As we all know, the goal in TH status post-cardiac arrest is to reach a goal core body temperature between 32 and 34 degrees Celsius for a period of 12 to 24 hours in patients who have achieved return of spontaneous circulation (ROSC) secondary to ventricular fibrillation or ventricular tachycardia, or in those patients with a non-shockable rhythm. It is thought that TH delays the progression of cerebral ischemia and serves as a mechanism to prevent and/or reversal neurological dysfunction associated with cardiac arrest. As pharmacists working in the emergency department, we have a critical role when it comes to reaching this body temperature, which generally occurs gradually over a four-hour period, in not only providing sedation and analgesia to these patients, but also in being able to recognize potential complications secondary to TH.
Shivering in TH is mainly an autonomic response that occurs as core body temperature reaches 35 to 37 degrees Celsius. As shivering occurs and heat is generated, not only will this delay achievement to the targeted core body temperature, but it can also increase metabolic rate and oxygen demand, which are both already compromised in patients post-cardiac arrest.
A number of treatment strategies do exist, and in most cases, we do often have to resort to neuromuscular blocking agents (NMBAs) with sedation and analgesia. However, NMBAs are associated with several issues such as the inability to affect vasoconstriction, masking of insufficient sedation and analgesia as well as seizure activity, and the potential for neuropathy with prolonged use.
Interestingly enough, magnesium has been proposed as an agent to be utilized to manage shivering associated with TH. It functions as an N-methyl-D-aspartate (NMDA) receptor antagonist and in doing so, it helps facilitate thermoregulation to non-adrenergic and serotonergic neurons to counter the effects of hyperthermia. In addition, it also may offer neuroprotection through cerebral vasodilation due to its action on smooth muscle cells.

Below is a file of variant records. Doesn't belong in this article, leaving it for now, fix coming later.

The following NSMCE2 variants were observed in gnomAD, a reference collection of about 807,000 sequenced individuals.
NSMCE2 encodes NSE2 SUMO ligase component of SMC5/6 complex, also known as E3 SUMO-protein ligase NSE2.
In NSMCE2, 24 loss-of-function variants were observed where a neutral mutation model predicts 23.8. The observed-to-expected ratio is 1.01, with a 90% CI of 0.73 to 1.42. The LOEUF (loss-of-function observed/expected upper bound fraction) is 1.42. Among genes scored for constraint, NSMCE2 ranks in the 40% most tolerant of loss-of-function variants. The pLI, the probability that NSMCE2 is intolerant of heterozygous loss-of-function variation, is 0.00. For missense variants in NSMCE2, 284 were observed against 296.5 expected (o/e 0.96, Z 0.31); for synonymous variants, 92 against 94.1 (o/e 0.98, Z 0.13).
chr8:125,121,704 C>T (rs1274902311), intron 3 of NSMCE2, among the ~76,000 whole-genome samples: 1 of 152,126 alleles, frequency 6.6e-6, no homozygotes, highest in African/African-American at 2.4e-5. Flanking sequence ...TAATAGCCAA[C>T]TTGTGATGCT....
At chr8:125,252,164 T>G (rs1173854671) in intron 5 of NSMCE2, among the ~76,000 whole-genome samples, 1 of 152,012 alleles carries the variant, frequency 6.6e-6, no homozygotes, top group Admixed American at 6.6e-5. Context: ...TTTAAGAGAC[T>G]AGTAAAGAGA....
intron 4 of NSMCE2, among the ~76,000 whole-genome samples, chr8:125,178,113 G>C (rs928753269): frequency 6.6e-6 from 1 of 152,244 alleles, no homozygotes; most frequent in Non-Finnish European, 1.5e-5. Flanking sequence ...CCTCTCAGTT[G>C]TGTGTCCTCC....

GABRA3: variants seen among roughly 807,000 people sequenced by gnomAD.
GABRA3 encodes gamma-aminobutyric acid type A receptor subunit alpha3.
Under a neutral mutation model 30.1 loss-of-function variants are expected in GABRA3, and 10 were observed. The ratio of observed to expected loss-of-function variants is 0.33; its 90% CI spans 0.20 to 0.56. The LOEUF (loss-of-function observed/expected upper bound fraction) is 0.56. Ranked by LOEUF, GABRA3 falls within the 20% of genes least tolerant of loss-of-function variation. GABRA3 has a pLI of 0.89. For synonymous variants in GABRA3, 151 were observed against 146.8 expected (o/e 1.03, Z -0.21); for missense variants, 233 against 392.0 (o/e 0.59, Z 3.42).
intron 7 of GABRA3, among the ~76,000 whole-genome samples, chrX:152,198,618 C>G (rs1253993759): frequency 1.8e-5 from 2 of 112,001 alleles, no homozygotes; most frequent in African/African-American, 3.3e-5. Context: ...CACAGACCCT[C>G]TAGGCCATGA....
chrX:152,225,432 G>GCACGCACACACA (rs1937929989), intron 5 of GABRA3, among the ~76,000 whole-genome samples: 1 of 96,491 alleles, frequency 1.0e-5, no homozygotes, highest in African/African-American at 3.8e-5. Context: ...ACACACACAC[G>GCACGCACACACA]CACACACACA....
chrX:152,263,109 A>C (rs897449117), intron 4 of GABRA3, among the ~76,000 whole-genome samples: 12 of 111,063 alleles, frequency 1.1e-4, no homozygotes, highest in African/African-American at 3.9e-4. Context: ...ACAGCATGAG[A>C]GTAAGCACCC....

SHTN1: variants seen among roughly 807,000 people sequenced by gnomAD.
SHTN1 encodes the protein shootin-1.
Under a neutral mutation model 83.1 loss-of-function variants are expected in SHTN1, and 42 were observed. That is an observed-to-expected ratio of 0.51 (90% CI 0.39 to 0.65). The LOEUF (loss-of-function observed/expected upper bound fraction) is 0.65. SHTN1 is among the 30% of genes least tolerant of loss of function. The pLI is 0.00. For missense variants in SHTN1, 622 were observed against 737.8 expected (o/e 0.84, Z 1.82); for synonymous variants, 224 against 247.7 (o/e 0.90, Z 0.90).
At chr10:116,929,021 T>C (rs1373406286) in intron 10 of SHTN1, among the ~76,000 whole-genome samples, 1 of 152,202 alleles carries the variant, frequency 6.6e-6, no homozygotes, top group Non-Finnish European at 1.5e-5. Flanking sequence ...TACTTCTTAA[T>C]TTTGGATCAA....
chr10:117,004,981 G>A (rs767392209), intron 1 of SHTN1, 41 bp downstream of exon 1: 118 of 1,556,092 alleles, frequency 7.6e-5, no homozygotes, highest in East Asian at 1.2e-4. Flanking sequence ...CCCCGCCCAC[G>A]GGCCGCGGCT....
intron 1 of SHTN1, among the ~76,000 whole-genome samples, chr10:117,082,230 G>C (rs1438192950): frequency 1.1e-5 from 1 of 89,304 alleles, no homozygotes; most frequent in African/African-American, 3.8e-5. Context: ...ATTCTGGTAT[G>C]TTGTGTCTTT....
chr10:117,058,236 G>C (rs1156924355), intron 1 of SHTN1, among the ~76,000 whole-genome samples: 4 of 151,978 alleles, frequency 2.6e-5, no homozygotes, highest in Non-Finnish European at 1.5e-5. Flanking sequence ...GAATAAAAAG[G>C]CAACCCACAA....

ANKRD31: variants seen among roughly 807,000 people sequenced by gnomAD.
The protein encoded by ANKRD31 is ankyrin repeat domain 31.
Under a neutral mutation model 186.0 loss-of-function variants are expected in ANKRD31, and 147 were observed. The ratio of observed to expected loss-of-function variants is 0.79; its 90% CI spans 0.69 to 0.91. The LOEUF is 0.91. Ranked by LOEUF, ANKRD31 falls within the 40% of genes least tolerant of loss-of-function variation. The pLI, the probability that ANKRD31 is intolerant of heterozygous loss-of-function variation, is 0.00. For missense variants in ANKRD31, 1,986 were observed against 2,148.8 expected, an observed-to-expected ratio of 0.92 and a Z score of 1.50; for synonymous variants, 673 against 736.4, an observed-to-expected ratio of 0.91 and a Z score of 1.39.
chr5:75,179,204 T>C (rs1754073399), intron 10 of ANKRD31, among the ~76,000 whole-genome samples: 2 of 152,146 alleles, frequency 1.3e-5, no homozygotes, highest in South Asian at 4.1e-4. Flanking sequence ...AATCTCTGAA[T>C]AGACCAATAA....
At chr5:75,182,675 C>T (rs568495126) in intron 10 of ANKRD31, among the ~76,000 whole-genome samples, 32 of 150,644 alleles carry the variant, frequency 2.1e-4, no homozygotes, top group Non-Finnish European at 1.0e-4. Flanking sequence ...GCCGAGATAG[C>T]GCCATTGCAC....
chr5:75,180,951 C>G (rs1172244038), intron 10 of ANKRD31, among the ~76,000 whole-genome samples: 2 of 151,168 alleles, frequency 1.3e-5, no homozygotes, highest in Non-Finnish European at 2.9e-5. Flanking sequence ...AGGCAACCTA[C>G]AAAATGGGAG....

A couple of experimental studies have looked at magnesium as a potential agent for the management of shivering:
- Wadhwa et al. Br J Anesth 2005; 94:756-762:
- Healthy human volunteers (n = 9)
- Invasive cooling via infusion of cooled Lactated Ringer's solution
- Control: Infusion of normal saline solution
- Magnesium: 80 mg/kg IV bolus followed by infusion of 2 g/hr
- Reduction in shivering threshold (p = 0.04)
- Increase in shivering comfort (p = 0.019)
- No difference in gain of shivering response (p = 0.344)
- Zweifler et al. Stroke 2004; 35:2331-2334:
- Healthy human volunteers (n = 22)
- Active cooling via surface cooling technique for a maximum of five hours
- Mepiridine and buspirone
- Mepiridine and ondansetron
- Mepiridine, ondansetron, magnesium
- Magnesium: 4 to 6 g IV bolus followed by infusion of 1 to 3 g/hr
- Effects of combination therapy with magesium:
- Greater proportion of patients achieved vasodilation
- Shorter time to target tympanic temperature
- Higher comfort scores
- All hemodynamic parameters with the exception of heart rate maintained
Some institutional protocols for TH have already incorporated the use of a standard 4 g IV bolus of magnesium for all patients undergoing TH that is to be infused over a two-hour period. For the time being, as long as we continue to institute TH in select patients post-cardiac arrest, magnesium is a reasonable treatment option for patients who experiencing shivering as a complication of this phenomenon.